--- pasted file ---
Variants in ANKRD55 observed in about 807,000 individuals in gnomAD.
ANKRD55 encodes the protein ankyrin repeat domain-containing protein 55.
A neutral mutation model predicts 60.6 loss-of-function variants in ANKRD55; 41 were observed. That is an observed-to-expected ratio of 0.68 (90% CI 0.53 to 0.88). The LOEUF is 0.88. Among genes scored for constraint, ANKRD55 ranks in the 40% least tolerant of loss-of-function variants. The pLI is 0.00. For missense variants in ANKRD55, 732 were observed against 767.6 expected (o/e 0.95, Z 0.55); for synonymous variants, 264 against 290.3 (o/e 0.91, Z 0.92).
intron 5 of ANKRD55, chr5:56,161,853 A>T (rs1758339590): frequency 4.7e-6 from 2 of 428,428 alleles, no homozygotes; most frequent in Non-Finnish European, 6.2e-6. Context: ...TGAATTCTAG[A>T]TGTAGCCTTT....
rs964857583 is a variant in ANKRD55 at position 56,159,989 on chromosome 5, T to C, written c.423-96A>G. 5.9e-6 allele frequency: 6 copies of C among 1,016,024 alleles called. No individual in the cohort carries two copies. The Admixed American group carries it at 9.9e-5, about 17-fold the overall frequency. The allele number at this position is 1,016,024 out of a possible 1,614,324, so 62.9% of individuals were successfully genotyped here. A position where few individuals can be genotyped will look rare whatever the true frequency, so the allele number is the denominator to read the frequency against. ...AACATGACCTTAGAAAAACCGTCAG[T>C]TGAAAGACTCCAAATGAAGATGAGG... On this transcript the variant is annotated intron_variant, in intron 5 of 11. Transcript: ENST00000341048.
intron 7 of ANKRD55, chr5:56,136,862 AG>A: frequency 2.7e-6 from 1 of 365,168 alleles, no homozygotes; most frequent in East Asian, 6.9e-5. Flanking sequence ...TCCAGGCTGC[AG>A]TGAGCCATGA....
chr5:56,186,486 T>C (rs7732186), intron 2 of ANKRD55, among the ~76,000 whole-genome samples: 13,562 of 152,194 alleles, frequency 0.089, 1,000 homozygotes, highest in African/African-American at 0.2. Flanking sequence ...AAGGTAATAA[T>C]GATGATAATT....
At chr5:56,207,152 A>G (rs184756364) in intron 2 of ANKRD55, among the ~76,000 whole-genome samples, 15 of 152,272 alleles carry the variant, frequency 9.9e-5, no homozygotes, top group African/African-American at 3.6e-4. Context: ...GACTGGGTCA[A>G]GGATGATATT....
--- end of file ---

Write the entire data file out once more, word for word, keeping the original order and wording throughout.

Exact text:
Variants in ANKRD55 observed in about 807,000 individuals in gnomAD.
ANKRD55 encodes the protein ankyrin repeat domain-containing protein 55.
A neutral mutation model predicts 60.6 loss-of-function variants in ANKRD55; 41 were observed. That is an observed-to-expected ratio of 0.68 (90% CI 0.53 to 0.88). The LOEUF is 0.88. Among genes scored for constraint, ANKRD55 ranks in the 40% least tolerant of loss-of-function variants. The pLI is 0.00. For missense variants in ANKRD55, 732 were observed against 767.6 expected (o/e 0.95, Z 0.55); for synonymous variants, 264 against 290.3 (o/e 0.91, Z 0.92).
intron 5 of ANKRD55, chr5:56,161,853 A>T (rs1758339590): frequency 4.7e-6 from 2 of 428,428 alleles, no homozygotes; most frequent in Non-Finnish European, 6.2e-6. Context: ...TGAATTCTAG[A>T]TGTAGCCTTT....
rs964857583 is a variant in ANKRD55 at position 56,159,989 on chromosome 5, T to C, written c.423-96A>G. 5.9e-6 allele frequency: 6 copies of C among 1,016,024 alleles called. No individual in the cohort carries two copies. The Admixed American group carries it at 9.9e-5, about 17-fold the overall frequency. The allele number at this position is 1,016,024 out of a possible 1,614,324, so 62.9% of individuals were successfully genotyped here. A position where few individuals can be genotyped will look rare whatever the true frequency, so the allele number is the denominator to read the frequency against. ...AACATGACCTTAGAAAAACCGTCAG[T>C]TGAAAGACTCCAAATGAAGATGAGG... On this transcript the variant is annotated intron_variant, in intron 5 of 11. Transcript: ENST00000341048.
intron 7 of ANKRD55, chr5:56,136,862 AG>A: frequency 2.7e-6 from 1 of 365,168 alleles, no homozygotes; most frequent in East Asian, 6.9e-5. Flanking sequence ...TCCAGGCTGC[AG>A]TGAGCCATGA....
chr5:56,186,486 T>C (rs7732186), intron 2 of ANKRD55, among the ~76,000 whole-genome samples: 13,562 of 152,194 alleles, frequency 0.089, 1,000 homozygotes, highest in African/African-American at 0.2. Flanking sequence ...AAGGTAATAA[T>C]GATGATAATT....
At chr5:56,207,152 A>G (rs184756364) in intron 2 of ANKRD55, among the ~76,000 whole-genome samples, 15 of 152,272 alleles carry the variant, frequency 9.9e-5, no homozygotes, top group African/African-American at 3.6e-4. Context: ...GACTGGGTCA[A>G]GGATGATATT....